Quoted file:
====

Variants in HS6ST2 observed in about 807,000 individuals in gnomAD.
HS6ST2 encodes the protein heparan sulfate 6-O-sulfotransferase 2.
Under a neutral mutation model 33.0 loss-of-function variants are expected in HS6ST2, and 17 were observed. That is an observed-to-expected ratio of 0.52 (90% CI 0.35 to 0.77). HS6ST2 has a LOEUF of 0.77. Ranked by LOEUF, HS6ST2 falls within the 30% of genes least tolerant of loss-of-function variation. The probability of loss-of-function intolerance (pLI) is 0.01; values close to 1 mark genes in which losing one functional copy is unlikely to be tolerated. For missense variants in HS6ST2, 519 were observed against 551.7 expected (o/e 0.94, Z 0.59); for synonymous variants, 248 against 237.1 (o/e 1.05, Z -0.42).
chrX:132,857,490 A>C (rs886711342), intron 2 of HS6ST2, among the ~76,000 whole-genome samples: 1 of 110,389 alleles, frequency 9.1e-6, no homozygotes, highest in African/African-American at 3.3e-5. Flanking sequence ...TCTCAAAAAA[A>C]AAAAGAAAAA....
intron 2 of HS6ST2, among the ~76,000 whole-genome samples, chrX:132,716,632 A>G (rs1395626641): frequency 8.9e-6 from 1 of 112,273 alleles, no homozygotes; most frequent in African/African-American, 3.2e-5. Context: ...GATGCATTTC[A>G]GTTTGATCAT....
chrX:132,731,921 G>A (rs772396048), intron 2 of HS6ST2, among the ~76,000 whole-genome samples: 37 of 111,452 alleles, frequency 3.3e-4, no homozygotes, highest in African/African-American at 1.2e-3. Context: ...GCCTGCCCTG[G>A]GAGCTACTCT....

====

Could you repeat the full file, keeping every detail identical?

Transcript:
Variants in HS6ST2 observed in about 807,000 individuals in gnomAD.
HS6ST2 encodes the protein heparan sulfate 6-O-sulfotransferase 2.
Under a neutral mutation model 33.0 loss-of-function variants are expected in HS6ST2, and 17 were observed. That is an observed-to-expected ratio of 0.52 (90% CI 0.35 to 0.77). HS6ST2 has a LOEUF of 0.77. Ranked by LOEUF, HS6ST2 falls within the 30% of genes least tolerant of loss-of-function variation. The probability of loss-of-function intolerance (pLI) is 0.01; values close to 1 mark genes in which losing one functional copy is unlikely to be tolerated. For missense variants in HS6ST2, 519 were observed against 551.7 expected (o/e 0.94, Z 0.59); for synonymous variants, 248 against 237.1 (o/e 1.05, Z -0.42).
chrX:132,857,490 A>C (rs886711342), intron 2 of HS6ST2, among the ~76,000 whole-genome samples: 1 of 110,389 alleles, frequency 9.1e-6, no homozygotes, highest in African/African-American at 3.3e-5. Flanking sequence ...TCTCAAAAAA[A>C]AAAAGAAAAA....
intron 2 of HS6ST2, among the ~76,000 whole-genome samples, chrX:132,716,632 A>G (rs1395626641): frequency 8.9e-6 from 1 of 112,273 alleles, no homozygotes; most frequent in African/African-American, 3.2e-5. Context: ...GATGCATTTC[A>G]GTTTGATCAT....
chrX:132,731,921 G>A (rs772396048), intron 2 of HS6ST2, among the ~76,000 whole-genome samples: 37 of 111,452 alleles, frequency 3.3e-4, no homozygotes, highest in African/African-American at 1.2e-3. Context: ...GCCTGCCCTG[G>A]GAGCTACTCT....